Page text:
A meta-analysis of trabecular bone score in fracture risk prediction and its relationship to FRAX.
Journal article, 2016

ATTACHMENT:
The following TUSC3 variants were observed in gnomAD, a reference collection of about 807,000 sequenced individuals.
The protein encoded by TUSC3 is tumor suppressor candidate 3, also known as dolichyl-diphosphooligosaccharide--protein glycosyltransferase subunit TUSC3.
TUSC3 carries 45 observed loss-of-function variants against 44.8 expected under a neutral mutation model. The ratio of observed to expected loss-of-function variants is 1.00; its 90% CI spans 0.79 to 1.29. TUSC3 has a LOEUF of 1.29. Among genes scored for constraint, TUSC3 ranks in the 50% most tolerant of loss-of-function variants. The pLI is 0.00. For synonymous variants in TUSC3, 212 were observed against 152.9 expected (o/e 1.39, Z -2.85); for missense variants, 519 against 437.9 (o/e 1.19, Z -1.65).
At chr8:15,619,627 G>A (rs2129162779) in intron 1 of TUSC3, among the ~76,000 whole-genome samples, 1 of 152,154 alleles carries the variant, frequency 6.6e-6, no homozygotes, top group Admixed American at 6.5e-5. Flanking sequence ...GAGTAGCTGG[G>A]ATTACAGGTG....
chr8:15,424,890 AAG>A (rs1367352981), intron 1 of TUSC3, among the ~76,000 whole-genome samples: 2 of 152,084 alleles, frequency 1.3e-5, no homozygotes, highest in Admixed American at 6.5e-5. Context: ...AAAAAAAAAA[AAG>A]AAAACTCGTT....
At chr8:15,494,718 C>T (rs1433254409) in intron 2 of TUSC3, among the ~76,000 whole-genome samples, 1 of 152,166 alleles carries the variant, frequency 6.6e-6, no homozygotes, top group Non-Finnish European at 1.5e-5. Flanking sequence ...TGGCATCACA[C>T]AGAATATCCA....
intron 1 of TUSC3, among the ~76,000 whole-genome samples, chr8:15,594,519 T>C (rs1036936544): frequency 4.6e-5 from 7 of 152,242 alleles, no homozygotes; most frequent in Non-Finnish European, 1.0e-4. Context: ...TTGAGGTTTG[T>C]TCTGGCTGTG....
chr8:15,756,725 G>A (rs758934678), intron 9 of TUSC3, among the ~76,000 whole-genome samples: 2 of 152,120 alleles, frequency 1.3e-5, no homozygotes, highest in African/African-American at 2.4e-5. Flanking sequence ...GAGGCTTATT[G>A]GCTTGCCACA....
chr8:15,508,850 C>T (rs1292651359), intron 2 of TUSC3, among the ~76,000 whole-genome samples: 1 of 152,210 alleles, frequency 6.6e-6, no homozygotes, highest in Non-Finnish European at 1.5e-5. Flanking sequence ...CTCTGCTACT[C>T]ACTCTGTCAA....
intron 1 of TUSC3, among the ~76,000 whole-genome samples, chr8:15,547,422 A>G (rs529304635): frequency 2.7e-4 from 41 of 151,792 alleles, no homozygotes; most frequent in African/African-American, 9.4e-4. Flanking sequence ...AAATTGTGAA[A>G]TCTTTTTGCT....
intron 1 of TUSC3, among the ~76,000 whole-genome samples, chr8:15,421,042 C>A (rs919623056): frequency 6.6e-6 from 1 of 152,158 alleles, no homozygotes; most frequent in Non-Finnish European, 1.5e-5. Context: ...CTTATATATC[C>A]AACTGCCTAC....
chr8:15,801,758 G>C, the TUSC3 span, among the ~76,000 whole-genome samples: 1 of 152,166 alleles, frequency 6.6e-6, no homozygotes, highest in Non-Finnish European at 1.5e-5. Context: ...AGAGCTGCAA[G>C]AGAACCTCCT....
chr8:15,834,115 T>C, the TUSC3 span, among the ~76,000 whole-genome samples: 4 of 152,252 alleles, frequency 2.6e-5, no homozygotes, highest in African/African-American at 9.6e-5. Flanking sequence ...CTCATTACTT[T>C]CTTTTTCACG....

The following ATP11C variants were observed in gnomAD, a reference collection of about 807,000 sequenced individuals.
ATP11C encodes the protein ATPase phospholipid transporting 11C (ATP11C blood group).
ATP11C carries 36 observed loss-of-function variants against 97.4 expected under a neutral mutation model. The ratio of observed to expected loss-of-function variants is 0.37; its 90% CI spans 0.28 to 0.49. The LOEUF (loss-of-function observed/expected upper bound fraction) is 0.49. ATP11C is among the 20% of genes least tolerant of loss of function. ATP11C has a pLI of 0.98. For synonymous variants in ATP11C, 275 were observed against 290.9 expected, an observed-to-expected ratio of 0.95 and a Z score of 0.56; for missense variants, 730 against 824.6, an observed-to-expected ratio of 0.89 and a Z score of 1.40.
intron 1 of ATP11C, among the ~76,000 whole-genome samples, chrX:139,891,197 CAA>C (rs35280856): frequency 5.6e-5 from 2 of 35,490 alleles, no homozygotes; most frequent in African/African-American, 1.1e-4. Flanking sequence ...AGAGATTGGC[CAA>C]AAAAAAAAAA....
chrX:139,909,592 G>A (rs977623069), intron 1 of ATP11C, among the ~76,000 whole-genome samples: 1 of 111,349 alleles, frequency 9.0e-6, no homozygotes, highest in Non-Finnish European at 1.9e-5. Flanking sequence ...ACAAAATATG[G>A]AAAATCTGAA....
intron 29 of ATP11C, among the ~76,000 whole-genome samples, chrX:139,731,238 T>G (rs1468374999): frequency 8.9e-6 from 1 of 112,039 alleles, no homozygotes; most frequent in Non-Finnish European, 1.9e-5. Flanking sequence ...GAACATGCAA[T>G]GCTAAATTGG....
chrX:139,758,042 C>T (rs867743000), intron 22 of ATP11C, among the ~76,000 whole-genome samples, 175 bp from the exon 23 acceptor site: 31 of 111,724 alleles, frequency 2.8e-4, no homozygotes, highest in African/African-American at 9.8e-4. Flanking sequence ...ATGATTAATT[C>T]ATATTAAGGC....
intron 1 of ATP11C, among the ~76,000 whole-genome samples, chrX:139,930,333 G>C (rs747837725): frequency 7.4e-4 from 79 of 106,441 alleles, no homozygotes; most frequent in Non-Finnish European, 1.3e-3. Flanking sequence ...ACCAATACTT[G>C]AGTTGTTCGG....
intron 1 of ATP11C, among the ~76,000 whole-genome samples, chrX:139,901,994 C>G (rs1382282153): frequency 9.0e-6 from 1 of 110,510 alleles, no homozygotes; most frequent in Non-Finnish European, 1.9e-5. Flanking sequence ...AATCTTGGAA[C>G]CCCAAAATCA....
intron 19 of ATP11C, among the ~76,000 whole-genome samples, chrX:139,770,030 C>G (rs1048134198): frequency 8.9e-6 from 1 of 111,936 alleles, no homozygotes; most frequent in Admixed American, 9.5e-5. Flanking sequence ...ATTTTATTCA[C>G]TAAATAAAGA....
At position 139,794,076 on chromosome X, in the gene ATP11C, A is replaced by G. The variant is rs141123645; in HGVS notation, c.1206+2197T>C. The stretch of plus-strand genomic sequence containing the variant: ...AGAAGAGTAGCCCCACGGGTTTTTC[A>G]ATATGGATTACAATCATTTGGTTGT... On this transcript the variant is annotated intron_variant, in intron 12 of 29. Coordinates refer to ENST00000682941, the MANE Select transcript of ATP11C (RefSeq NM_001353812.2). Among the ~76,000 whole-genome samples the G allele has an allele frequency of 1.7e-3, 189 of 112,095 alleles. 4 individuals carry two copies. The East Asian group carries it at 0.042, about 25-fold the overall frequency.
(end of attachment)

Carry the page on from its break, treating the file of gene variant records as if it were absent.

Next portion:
Trabecular bone score (TBS) is a grey-level textural index of bone microarchitecture derived from lumbar spine dual-energy X-ray absorptiometry (DXA) images. TBS is a BMD-independent predictor of fracture risk. The objective of this meta-analysis was to determine whether TBS predicted fracture risk independently of FRAX probability and to examine their combined performance by adjusting the FRAX probability for TBS. We utilized individual level data from 17,809 men and women in 14 prospective population-based cohorts. Baseline evaluation included TBS and the FRAX risk variables and outcomes during follow up (mean 6.7 years) comprised major osteoporotic fractures. The association between TBS, FRAX probabilities and the risk of fracture was examined using an extension of the Poisson regression model in each cohort and for each sex and expressed as the gradient of risk (GR; hazard ratio per 1SD change in risk variable in direction of increased risk). FRAX probabilities were adjusted for TBS using an adjustment factor derived from an independent cohort (the Manitoba Bone Density Cohort). Overall, the GR of TBS for major osteoporotic fracture was 1.44 (95% CI: 1.35-1.53) when adjusted for age and time since baseline and was similar in men and women (p > 0.10). When additionally adjusted for FRAX 10-year probability of major osteoporotic fracture, TBS remained a significant, independent predictor for fracture (GR 1.32, 95%CI: 1.24-1.41). The adjustment of FRAX probability for TBS resulted in a small increase in the GR (1.76, 95%CI: 1.65, 1.87 vs. 1.70, 95%CI: 1.60-1.81). A smaller change in GR for hip fracture was observed (FRAX hip fracture probability GR 2.25 vs. 2.22). TBS is a significant predictor of fracture risk independently of FRAX. The findings support the use of TBS as a potential adjustment for FRAX probability, though the impact of the adjustment remains to be determined in the context of clinical assessment guidelines. This article is protected by copyright. All rights reserved.